David Morris
AT THE beginning of last week, investors appeared to have regained their risk appetite. Although trading volumes were light, equities continued their recovery following the sharp sell-off in early August. As we approached month-end, buyers appeared confident that a near-term bottom for the major stock indices was in place. Yet most economic data releases continued to indicate that a slowdown was in progress, and analysts were still busy downgrading their outlooks for global growth.

But investors weren’t put off by bad news; in fact, quite the contrary. Fed Chairman Ben Bernanke teased market participants by announcing that the September FOMC meeting would be extended over two days. This was interpreted as meaning that additional quantitative easing was on the cards, a view reinforced after the minutes of the August FOMC meeting were released. These revealed that some members believed that further stimulus was already overdue, and this news had investors heading back into stocks.

Friday saw the release of a truly awful US non-farm payroll number, and this time the sell-off in equities was not only pronounced but prolonged. Bad jobs data should bolster the case for further Fed intervention more than anything else, but this time no one was rushing to buy.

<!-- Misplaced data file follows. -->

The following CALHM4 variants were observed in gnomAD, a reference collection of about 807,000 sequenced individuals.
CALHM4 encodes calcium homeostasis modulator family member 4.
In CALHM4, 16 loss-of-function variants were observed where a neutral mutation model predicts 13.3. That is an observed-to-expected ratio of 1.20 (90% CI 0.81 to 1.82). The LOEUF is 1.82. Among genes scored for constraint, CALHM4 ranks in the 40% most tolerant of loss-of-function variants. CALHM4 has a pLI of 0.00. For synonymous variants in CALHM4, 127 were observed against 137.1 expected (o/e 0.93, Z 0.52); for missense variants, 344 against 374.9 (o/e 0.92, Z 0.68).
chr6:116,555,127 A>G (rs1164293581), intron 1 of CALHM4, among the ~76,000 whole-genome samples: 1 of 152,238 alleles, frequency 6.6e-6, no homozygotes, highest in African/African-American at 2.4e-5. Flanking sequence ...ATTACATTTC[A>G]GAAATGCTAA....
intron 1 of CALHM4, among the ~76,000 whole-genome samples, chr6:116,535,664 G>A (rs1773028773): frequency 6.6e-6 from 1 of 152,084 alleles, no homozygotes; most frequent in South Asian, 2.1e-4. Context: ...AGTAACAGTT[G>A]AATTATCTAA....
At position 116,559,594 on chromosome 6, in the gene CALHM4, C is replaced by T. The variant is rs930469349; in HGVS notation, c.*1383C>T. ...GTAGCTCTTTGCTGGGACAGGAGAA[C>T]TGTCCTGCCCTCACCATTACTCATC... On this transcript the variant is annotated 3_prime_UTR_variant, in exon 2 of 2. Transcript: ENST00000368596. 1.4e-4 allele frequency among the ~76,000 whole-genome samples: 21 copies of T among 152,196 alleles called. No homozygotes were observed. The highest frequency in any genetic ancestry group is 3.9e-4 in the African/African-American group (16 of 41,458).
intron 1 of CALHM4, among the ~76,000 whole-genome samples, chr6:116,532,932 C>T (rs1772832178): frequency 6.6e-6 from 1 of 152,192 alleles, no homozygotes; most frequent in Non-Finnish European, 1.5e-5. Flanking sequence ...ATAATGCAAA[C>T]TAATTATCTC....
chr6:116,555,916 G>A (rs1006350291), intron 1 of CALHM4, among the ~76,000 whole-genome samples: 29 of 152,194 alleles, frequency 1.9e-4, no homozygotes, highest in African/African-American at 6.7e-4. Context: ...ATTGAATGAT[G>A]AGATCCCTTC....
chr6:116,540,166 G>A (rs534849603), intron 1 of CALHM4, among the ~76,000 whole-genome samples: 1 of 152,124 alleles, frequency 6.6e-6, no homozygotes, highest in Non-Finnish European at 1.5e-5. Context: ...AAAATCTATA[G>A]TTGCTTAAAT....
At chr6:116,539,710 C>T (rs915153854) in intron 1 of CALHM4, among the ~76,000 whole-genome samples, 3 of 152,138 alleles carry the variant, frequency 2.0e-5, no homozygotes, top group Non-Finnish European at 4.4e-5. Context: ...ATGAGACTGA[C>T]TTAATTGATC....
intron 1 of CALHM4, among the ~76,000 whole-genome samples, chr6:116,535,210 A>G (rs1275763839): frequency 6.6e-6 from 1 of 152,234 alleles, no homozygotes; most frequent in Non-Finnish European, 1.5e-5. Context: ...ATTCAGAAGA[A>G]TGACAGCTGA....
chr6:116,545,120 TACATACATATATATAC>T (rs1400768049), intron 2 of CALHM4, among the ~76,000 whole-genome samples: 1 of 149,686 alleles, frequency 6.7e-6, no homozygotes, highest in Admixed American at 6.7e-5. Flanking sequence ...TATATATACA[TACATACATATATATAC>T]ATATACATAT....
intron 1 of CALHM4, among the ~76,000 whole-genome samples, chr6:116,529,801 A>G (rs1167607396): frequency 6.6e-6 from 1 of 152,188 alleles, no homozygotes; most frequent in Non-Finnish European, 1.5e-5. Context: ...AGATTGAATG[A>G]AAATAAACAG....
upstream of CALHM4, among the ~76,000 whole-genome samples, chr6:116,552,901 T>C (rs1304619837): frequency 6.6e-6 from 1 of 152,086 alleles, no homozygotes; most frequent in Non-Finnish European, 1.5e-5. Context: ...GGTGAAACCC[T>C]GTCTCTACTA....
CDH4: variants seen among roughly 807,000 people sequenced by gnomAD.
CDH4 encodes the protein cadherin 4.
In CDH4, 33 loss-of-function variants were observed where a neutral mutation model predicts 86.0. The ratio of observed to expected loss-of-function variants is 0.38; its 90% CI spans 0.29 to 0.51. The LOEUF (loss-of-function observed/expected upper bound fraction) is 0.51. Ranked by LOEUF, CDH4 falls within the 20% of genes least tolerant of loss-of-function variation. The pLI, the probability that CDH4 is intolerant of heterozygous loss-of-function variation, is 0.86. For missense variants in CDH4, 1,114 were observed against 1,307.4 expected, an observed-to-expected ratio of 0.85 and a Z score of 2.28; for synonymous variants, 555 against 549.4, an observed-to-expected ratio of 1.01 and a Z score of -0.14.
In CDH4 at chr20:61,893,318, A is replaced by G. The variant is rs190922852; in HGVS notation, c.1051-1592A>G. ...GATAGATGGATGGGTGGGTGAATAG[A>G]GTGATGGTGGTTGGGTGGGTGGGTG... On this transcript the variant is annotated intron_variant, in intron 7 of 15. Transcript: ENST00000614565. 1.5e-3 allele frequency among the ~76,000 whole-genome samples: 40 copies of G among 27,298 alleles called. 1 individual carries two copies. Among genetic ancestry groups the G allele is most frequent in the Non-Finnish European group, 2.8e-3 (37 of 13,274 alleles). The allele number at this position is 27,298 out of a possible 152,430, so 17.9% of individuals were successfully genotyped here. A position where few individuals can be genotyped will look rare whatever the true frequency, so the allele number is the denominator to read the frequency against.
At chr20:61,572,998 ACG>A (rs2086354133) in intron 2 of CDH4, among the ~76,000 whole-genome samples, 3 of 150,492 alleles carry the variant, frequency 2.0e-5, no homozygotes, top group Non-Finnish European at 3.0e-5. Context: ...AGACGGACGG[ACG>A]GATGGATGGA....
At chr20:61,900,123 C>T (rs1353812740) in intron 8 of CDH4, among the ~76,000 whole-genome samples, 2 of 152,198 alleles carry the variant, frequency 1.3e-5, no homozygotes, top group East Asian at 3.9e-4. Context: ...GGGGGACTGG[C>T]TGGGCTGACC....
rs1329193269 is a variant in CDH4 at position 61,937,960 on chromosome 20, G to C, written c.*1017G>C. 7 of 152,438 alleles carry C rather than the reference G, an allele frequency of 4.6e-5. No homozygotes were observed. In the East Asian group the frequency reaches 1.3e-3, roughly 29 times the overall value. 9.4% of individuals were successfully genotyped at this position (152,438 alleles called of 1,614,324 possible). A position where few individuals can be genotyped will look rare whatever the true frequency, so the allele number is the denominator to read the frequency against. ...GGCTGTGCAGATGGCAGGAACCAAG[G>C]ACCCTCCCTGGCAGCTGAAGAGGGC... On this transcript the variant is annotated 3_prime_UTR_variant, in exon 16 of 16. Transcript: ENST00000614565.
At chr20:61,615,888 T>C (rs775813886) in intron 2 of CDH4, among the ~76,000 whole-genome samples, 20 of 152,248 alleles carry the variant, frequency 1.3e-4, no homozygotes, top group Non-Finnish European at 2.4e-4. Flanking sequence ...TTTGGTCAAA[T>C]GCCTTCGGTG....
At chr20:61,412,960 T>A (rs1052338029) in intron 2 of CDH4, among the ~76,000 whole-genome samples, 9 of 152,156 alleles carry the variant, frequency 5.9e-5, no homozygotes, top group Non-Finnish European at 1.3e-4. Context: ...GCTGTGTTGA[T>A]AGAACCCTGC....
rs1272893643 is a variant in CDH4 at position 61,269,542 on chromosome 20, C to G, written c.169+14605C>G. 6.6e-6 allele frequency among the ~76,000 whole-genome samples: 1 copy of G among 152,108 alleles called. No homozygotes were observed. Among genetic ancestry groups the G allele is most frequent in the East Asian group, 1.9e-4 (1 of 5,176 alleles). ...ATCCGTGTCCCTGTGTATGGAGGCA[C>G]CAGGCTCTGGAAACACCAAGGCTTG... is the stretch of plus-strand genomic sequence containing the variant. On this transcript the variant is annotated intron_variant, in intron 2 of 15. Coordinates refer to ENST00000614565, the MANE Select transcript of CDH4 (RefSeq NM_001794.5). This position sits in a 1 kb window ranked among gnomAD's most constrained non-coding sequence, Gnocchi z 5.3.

Technical analysts are watching the price action on the S&P 500 very closely. Last week’s rally came to an abrupt end as the index tested resistance at 1,228 on an intra-day basis. This marks the 50 per cent retracement of the most recent decline from May to August this year. Since then, prices have fallen sharply, and Friday’s slump saw the S&P test significant support at 1,172 - the 50 per cent retracement of the multi-year rally from March 2003 to October 2007. This level was breached yesterday on electronic trading of US stock index futures. But the main US exchanges were closed for the Labor Day holiday. Consequently, stock market bulls are hoping that investors will pile back in on the long side, just as they did in August. But sentiment is turning negative, and a growing number of investors are losing confidence in policymakers and central bankers. Many doubt that more quantitative easing will do anything to solve the chronic issues at the heart of this financial crisis.